Re: Re: Abs[a] Sin[Abs[a]]

• To: mathgroup at smc.vnet.net
• Subject: [mg21041] Re: [mg21021] Re: [mg20923] Abs[a] Sin[Abs[a]]
• From: Andrzej Kozlowski <andrzej at tuins.ac.jp>
• Date: Sun, 12 Dec 1999 23:51:09 -0500 (EST)
• Sender: owner-wri-mathgroup at wolfram.com

```When I re-read my own messsage I saw with horror that I had written some
really  pretty awful nonsense. My excuse is that I must have been very tired
(I usually write these messages  after midnight). Anyway, when I wrote
Simplify[Abs[Sin[a]], a < 0] I actually meant something like
Simplify[Abs[Sinh[a]], a < 0]  or in general Simplify[Abs[f[a]], a < 0]
where f is some monotonically increasing non-polynomial odd function (which
of course Sin is not, although in a temporary fit of madness I thought it
was). But in fact actally this works exactly as it should  provided one uses

In[17]:=
f[x_] := LeafCount[x] + 10 Count[x, _Abs, {0, Infinity}]
In[19]:=
Simplify[Abs[Sinh[a]], a < 0, ComplexityFunction -> f]
Out[19]=
-Sinh[a]

To me this seems quite impressive: I had been assuming Simplify would have
trouble with non polynomial functions in such situations.

Andrzej Kozlowski
--

> Organization: Wolfram Reasearch, Inc
> Date: Thu, 2 Dec 1999 21:41:32 -0500 (EST)
> To: mathgroup at smc.vnet.net
> Subject: [mg21041] [mg21021] Re: [mg20923] Abs[a] Sin[Abs[a]]
>
> Andrzej Kozlowski wrote:
>>
>> Mathematica can only manage this under the assumption a>0.
>> In[1]:=
>> Simplify[ Abs[a] Sin[Abs[a]], a > 0]
>> Out[1]=
>> a Sin[a]
>>
>> One problem is that Simplify does not know that Abs[a] is -a for negative a.
>>
>> In[2]:=
>> Simplify[Abs[a], a < 0]
>> Out[2]=
>> Abs[a]
>
> This is a complexity function problem. Under the
> default complexity function Abs[a] is simpler than
> -a ( Times[-1, a] in FullForm, now it looks more
> complicated than Abs[a]...) If we define a complexity
> function assigning a heavier weight to Abs we can get
> the simplification.
>
> In[1]:= f[x_]:=LeafCount[x]+10 Count[x, _Abs, {0, Infinity}]
>
> In[2]:= Simplify[Abs[a], a<0, ComplexityFunction->f]
> Out[2]= -a
>
> In[3]:= Simplify[Abs[a] Sin[Abs[a]], a<0, ComplexityFunction->f]
> Out[3]= a Sin[a]
>
>>
>> In fact one would really like Simplify to manage more complicated cases
>> involving Abs, e.g.:
>>
>> In[3]:=
>> Simplify[Abs[Sin[a]], a < 0]
>> Out[3]=
>> Abs[Sin[a]]
>
> I presume you meant Sin[Abs[a]]. It works
> automatically, as soon as Abs[a]->-a works.
>
> In[4]:= Simplify[Sin[Abs[a]], a<0, ComplexityFunction->f]
> Out[4]= -Sin[a]
>
>>
>> Just for fun I have decided to write a quick hack that will give the right
>> answer for these cases. One has to modify Simplify in two ways. Firstly, we
>> add the above missing rule for Abs. This alone however is not enough. The
>> second change is a general rule for Simplify[expr, Element[something,
>> Reals]]. This is a more drastic change to the way Simplify works now but at
>> the moment I can't see anything that would be broken by it. Here is my
>> attempt:
>>
>> In[4]:=
>> Unprotect[Simplify];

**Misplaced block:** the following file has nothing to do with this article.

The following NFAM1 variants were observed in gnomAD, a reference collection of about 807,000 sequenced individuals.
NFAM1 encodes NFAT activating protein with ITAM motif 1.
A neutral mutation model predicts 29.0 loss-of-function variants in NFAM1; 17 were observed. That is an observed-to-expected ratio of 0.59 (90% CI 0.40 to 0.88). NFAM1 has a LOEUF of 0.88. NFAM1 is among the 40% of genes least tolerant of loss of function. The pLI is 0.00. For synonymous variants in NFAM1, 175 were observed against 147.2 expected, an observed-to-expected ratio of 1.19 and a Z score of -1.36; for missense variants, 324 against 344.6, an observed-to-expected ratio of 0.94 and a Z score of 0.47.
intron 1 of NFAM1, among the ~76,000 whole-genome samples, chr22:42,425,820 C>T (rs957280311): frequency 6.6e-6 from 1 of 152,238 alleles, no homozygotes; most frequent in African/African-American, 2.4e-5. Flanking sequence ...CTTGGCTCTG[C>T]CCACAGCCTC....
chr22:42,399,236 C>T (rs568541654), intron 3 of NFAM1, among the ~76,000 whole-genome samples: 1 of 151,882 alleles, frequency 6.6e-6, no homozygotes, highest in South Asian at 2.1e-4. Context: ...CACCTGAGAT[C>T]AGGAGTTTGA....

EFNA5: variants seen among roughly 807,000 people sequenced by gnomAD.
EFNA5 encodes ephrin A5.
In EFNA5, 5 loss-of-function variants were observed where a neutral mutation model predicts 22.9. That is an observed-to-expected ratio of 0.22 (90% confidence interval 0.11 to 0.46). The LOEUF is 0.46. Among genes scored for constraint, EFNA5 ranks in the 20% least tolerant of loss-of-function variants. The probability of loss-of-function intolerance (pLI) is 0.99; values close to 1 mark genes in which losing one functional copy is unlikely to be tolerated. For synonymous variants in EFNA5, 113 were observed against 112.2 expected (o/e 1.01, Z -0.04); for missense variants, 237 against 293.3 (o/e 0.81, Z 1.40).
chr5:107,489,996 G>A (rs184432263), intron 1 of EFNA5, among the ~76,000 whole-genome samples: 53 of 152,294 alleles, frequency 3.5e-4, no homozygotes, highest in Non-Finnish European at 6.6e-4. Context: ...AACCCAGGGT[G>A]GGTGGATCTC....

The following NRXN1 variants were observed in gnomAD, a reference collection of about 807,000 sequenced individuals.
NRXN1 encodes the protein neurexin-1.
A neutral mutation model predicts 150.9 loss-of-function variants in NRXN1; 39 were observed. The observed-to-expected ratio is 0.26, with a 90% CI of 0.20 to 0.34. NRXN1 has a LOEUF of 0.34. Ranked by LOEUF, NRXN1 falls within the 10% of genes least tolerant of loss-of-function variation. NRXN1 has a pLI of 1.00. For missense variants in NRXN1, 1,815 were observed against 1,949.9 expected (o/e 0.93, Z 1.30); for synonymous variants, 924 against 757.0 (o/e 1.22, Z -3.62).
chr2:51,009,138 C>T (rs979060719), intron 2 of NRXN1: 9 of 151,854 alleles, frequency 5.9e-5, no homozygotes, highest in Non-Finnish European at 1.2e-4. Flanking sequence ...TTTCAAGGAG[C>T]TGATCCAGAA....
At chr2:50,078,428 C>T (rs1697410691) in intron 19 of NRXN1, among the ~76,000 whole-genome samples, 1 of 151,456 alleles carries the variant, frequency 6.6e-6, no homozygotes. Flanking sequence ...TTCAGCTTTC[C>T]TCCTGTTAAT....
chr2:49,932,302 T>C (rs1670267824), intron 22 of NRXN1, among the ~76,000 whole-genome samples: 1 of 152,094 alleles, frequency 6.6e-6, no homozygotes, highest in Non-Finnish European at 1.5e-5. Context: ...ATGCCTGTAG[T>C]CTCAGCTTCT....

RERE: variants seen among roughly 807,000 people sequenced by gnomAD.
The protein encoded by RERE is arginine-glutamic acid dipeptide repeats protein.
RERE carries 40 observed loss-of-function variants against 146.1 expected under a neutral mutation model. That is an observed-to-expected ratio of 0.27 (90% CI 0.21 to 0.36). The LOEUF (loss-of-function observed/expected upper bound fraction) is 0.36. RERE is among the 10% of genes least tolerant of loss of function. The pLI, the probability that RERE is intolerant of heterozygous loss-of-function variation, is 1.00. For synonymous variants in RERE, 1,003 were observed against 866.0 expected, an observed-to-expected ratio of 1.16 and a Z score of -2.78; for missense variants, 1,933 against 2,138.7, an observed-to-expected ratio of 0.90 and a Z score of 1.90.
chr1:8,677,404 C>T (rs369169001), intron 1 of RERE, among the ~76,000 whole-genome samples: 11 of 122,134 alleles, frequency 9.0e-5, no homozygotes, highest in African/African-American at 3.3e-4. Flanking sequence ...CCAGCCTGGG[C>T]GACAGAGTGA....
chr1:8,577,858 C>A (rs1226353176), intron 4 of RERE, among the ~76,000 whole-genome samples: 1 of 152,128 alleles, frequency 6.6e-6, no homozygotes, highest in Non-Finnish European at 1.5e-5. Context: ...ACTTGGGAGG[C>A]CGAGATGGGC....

>> Simplify[expr_, x_ < 0] :=
>> Simplify[expr /. {Abs[x] :> -x, Abs[Sin[x]] :> -Sin[x]}]
>> Simplify[expr_, Element[x_, Reals]] :=
>> If[(Simplify[expr, x > 0] ===
>> Simplify[expr, x < 0]) && ((Simplify[expr, x > 0] /. x :> 0) ===
>> Simplify[expr, x == 0]), Simplify[expr, x > 0], Simplify[expr]]
>> Protect[Simplify];
>> (Really we should also give rules for Simplify[expr_,{a___,x_<0,b___}] etc).
>>
>> Now indeed we get:
>>
>> In[5]:=
>> Simplify[Abs[a], a < 0]
>> Out[5]=
>> -a
>>
>> In[6]:=
>> Simplify[Abs[Sin[a]], a < 0]
>> Out[6]=
>> -Sin[a]
>>
>> and finally:
>>
>> In[7]:=
>> Simplify[ Abs[a] *Sin[Abs[a]], Element[a, Reals]]
>> Out[7]=
>> a Sin[a]
>
> The path of simplification of Abs[a]*Sin[Abs[a]]
> to a Sin[a] for a>0 is different than for a<0, so
> to get this simplification Simplify would need to
> do something similar to your second rule, i.e.
> simplify the whole expression under assumptions a>0,
> a==0, and a<0 separately and compare the results.
> This seems to have a too high complexity to be
> attempted automatically: an assumption that n
> variables are real would lead to calling Simplify
> with 3^n sets of assumptions (on each subexpression
> of the input expression...).
>
> A somewhat less costly version of this would be
> to just try replacing Abs[a] (for a assumed real)
> with a and with -a and comparing the results
> (without simplifying them). It would suffice in
> this example. I will experiment with adding
> a rule like this to (possibly Full)Simplify.
>
> Best regards,
>
> Wolfram Research
>
>>
>> Of course there is a large number of other non-polynomial functions which
>> are odd and about which Simplify doesn't know so one would like to add a
>> rule for Simplify[Abs[f[a]],a<0] for all of these. Even this however would
>> not work in more complicated cases where f was some non-polynomial non
>> built-in function. The problem is that Simplify relies on the ability to
>> solve inequalities, which can really only be done in the case of polynomial
>> ones.
>>
>>> From: Edward Goldobin <gold at isitel1.isi.kfa-juelich.de>
To: mathgroup at smc.vnet.net
> To: mathgroup at smc.vnet.net
>>> Organization: Research Center Juelich GmbH
>>> Date: Wed, 1 Dec 1999 01:49:54 -0500 (EST)
>>> To: mathgroup at smc.vnet.net
>>> Subject: [mg21041] [mg21021] [mg20923] Abs[a] Sin[Abs[a]]
>>>
>>> How to compell Mathematica to simplify
>>> Abs[a] Sin[Abs[a]]
>>> to
>>> a Sin[a]
>>>
>>> ?
>>> Why it does not do it automatically? I also tried
>>> assumptions like a :enum: Reals.
>>>
>>> Thanx
>>> Edward
>>>
>

```

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